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AgricultureMediaNews

Crop Progress Report Issued

A few days of welcome rainfall meant Iowa farmers had 4.1 days suitable for fieldwork during the week ending May 29, 2022, according to the USDA, National Agricultural Statistics Service. Fieldwork activities included planting, cutting hay, and applying chemicals.
Topsoil moisture conditions rated 1% very short, 10% short, 80% adequate and 9% surplus. Subsoil moisture conditions rated 2% very short, 18% short, 74% adequate and 6% surplus.
Planting is almost complete, with 94% of Iowa’s expected corn crop planted, 13 days behind last year but equal to the 5-year average. Seventy-three percent of the corn crop has emerged, 6 days behind last year and 2 days behind the average. Iowa’s first corn condition rating of the crop year was 0% very poor, 1% poor, 13% fair, 71% good and 15% excellent. Eighty-five percent of soybeans have been planted, 11 days behind last year but 6 days ahead of the 5-year average. Forty-five percent of soybeans have emerged, 8 days behind last year and 1 day behind the average. Ninety percent of the oat crop has emerged, 11 days behind last year and 1 week behind the 5-year average. Ten percent of the oat crop has headed, 5 days behind last year. Iowa’s oat condition improved to 82% good to excellent.
Fifteen percent of the State’s first cutting of alfalfa hay has been completed. Hay condition improved to 75% good to excellent. Pasture condition rose to 63% good to excellent. Pastures and hay growth were good as rains replenished soil moisture. Pastures are in good shape for livestock.

Statewide Weather by State Climatologist Justin Glisan

Unseasonably cool temperatures were observed at most of Iowa’s stations over the reporting period with departures of up to eight degrees below normal in southwestern Iowa. The statewide average temperature was 59.2 degrees, 4.1 degrees below normal.
Widespread rainfall along with isolated severe weather was also reported. Much of the state experienced normal to above-average rainfall with only northwestern Iowa observing precipitation deficits approaching 0.50 inch below average.
A northwesterly wind held daytime temperatures in the low to mid 60s across Iowa through Sunday (22nd) afternoon with mostly sunny skies. Winds shifted to the east overnight into Monday (23rd) with morning temperatures hovering in the low 30s at several stations in northeastern Iowa; upper 40s were observed in southern Iowa where patchy cloud cover was present. Afternoon conditions were pleasant with highs in the low to mid 60s with a few passing clouds in the southwest. Light easterly winds persisted into Tuesday (24th) as cumulus clouds began to envelop the state from south to north. These thicker clouds held morning temperatures in the low to mid 50s as the sun rose. A shield of light to moderate rainfall lifted north through the afternoon hours ahead of a low pressure disturbance moving out of Kansas and northwestern Missouri. The low pressure center had a wide extent and continued to filter in showers and a few isolated severe-warned thunderstorms into central and eastern Iowa through Wednesday (25th) evening. Heavier rain was reported across a wide swath with event rain totals at or above 1.00 inch at more than 250 of Iowa’s reporting stations with 32 stations measuring 2.00 inches or more. The low’s center stalled out over Missouri and Illinois, spinning in additional showers to southeastern Iowa through much of Thursday (26th). Overnight lows ranged from the mid 40s west to upper 50s east with afternoon highs not rebounding much under thick clouds and rainfall.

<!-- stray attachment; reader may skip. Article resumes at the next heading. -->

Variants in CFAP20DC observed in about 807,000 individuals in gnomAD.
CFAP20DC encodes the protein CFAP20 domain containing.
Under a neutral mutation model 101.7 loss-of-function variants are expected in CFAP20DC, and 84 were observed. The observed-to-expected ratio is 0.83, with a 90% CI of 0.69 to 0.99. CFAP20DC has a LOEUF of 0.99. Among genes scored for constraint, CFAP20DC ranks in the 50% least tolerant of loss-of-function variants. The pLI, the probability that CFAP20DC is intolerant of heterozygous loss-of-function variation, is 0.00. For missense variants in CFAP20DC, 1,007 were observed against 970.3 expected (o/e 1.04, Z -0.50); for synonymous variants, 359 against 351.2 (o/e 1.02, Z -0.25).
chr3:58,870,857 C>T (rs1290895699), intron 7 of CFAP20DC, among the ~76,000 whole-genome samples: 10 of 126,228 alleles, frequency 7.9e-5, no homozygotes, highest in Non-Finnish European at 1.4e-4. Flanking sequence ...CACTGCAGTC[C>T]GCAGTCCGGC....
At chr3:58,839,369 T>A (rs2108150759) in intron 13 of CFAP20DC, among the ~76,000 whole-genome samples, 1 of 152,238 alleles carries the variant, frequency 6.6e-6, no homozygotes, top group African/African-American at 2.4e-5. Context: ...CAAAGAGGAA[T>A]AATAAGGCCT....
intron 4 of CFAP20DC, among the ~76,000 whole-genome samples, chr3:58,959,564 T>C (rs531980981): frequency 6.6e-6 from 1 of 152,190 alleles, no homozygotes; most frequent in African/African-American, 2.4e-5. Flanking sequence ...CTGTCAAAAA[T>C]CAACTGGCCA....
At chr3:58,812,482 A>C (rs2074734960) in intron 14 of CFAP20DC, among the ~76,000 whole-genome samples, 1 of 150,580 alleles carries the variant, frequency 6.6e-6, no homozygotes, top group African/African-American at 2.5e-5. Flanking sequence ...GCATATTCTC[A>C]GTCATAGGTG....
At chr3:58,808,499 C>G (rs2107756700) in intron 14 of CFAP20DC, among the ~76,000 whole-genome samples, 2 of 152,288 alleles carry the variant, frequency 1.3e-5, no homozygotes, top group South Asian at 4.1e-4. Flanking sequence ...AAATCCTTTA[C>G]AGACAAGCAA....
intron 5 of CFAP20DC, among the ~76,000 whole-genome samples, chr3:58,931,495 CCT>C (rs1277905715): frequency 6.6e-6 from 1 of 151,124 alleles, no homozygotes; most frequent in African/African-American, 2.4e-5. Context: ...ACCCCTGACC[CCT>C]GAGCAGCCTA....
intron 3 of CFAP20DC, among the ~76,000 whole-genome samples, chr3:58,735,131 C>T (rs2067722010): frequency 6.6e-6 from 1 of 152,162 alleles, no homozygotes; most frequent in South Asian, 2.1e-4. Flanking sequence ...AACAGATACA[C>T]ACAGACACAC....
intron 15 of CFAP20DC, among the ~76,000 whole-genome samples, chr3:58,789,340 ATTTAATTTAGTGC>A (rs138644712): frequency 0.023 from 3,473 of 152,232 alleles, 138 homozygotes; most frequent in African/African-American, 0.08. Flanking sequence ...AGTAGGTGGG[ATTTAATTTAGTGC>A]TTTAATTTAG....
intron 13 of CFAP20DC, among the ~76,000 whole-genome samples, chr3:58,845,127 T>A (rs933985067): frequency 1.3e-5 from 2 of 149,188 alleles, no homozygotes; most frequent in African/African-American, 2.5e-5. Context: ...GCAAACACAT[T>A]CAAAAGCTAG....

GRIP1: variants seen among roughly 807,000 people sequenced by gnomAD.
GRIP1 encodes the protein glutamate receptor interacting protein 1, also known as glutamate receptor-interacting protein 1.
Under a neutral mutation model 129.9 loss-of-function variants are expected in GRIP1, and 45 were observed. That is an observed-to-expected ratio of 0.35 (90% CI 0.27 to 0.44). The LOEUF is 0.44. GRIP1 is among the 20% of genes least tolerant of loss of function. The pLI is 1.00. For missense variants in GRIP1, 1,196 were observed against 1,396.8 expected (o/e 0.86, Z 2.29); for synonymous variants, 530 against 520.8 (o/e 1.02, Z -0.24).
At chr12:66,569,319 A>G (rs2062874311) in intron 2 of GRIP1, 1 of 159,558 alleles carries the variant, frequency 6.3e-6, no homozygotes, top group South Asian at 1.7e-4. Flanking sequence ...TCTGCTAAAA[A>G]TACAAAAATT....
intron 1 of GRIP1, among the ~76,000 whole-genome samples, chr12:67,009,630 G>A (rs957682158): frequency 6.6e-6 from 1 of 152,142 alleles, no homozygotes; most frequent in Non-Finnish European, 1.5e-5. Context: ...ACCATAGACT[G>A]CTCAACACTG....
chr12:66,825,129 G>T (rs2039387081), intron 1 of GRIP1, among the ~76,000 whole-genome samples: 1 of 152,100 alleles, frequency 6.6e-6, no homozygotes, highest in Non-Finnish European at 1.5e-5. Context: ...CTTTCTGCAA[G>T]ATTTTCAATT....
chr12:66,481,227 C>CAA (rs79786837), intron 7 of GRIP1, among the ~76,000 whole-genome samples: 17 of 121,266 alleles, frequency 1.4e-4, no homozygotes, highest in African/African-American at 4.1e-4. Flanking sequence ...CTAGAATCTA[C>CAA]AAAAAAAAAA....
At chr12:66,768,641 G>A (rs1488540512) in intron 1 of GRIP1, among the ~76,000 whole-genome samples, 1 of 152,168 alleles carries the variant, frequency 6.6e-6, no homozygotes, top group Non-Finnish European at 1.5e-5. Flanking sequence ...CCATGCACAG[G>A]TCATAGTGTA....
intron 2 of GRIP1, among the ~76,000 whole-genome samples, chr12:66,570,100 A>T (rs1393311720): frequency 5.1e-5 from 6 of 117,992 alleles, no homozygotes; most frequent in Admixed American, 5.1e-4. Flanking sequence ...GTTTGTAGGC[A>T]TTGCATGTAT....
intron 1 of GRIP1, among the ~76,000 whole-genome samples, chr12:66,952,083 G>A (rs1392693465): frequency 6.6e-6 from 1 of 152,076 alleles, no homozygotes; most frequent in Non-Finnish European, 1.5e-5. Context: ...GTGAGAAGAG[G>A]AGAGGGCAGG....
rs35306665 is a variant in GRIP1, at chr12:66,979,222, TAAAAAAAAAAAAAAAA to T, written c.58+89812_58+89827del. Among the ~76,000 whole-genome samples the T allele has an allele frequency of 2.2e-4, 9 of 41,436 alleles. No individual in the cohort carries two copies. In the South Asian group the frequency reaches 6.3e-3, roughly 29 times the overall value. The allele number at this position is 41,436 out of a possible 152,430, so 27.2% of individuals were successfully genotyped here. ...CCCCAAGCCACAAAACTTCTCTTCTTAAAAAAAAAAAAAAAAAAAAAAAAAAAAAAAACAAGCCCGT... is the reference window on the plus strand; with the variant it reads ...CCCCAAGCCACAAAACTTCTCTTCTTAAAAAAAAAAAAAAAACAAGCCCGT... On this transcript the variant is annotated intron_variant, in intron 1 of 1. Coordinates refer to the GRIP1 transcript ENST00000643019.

High pressure took control of the region on Friday (27th) as skies cleared. Sunshine and light winds helped push daytime highs in the low to mid 70s for most locations with mid 80s in the northwest. A southerly shift in the wind kept overnight lows in the mid 50s to mid 60s as isolated thundershowers popped up just before sunrise on Saturday (28th) in north-central Iowa. Additional showers formed in central Iowa and raced east as a strong pressure gradient produced very gusty southerly winds. Rainfall was measured across much of northern Iowa, though totals were generally under a tenth of an inch. Aided by clear skies, temperatures rose into the 80s with mid 90s reported in northwestern Iowa; the statewide average high was 84 degrees, eight degrees above normal. An outflow boundary from storms over the Dakotas fired a small cluster of severe thunderstorms in extreme northwest Iowa during the early morning hours of Sunday (29th). The line expanded farther south, moving over western Iowa and leaving behind a few tenths of an inch of rainfall as well as vivid lightning strikes. Rockwell City (Calhoun County) reported 0.20 inch while Elma (Howard County) measured 0.48 inch at the 7:00 am observation cut-off.

KIOW Local Weather

The area finished off May warmer and dryer than normal. The average high was 71.2 degrees while the normal high is 68.5 degrees which is a difference of 2.7 degrees. The average low was 48.2 degrees while the normal is 47.2 degrees or a single degree difference.

Moisture was the big issue as the area had a dryer May than normal. The area would normally receive 4.83 inches of precipitation, but instead only got 2.67 inches. That’s a difference of 2.16 inches.

 

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